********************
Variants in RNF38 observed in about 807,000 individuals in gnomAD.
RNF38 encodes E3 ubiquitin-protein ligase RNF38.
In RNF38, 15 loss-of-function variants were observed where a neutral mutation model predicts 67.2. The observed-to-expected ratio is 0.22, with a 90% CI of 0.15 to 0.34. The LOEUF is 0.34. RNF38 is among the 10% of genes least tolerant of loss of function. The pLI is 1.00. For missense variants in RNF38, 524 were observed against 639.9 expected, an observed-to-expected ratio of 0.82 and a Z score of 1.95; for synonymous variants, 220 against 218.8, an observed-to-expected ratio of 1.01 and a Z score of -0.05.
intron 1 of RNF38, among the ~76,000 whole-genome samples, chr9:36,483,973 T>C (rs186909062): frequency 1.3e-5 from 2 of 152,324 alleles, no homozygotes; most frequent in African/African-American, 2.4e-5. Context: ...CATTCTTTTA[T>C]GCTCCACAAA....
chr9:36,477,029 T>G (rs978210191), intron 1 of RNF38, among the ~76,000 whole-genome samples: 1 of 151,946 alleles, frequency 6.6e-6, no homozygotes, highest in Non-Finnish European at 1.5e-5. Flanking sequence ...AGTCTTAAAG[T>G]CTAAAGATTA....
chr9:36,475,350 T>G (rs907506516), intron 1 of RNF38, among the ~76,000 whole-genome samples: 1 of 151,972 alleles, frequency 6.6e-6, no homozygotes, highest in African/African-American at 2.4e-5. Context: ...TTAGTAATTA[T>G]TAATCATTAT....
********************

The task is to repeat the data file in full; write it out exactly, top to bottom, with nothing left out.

Variants in RNF38 observed in about 807,000 individuals in gnomAD.
RNF38 encodes E3 ubiquitin-protein ligase RNF38.
In RNF38, 15 loss-of-function variants were observed where a neutral mutation model predicts 67.2. The observed-to-expected ratio is 0.22, with a 90% CI of 0.15 to 0.34. The LOEUF is 0.34. RNF38 is among the 10% of genes least tolerant of loss of function. The pLI is 1.00. For missense variants in RNF38, 524 were observed against 639.9 expected, an observed-to-expected ratio of 0.82 and a Z score of 1.95; for synonymous variants, 220 against 218.8, an observed-to-expected ratio of 1.01 and a Z score of -0.05.
intron 1 of RNF38, among the ~76,000 whole-genome samples, chr9:36,483,973 T>C (rs186909062): frequency 1.3e-5 from 2 of 152,324 alleles, no homozygotes; most frequent in African/African-American, 2.4e-5. Context: ...CATTCTTTTA[T>C]GCTCCACAAA....
chr9:36,477,029 T>G (rs978210191), intron 1 of RNF38, among the ~76,000 whole-genome samples: 1 of 151,946 alleles, frequency 6.6e-6, no homozygotes, highest in Non-Finnish European at 1.5e-5. Flanking sequence ...AGTCTTAAAG[T>G]CTAAAGATTA....
chr9:36,475,350 T>G (rs907506516), intron 1 of RNF38, among the ~76,000 whole-genome samples: 1 of 151,972 alleles, frequency 6.6e-6, no homozygotes, highest in African/African-American at 2.4e-5. Context: ...TTAGTAATTA[T>G]TAATCATTAT....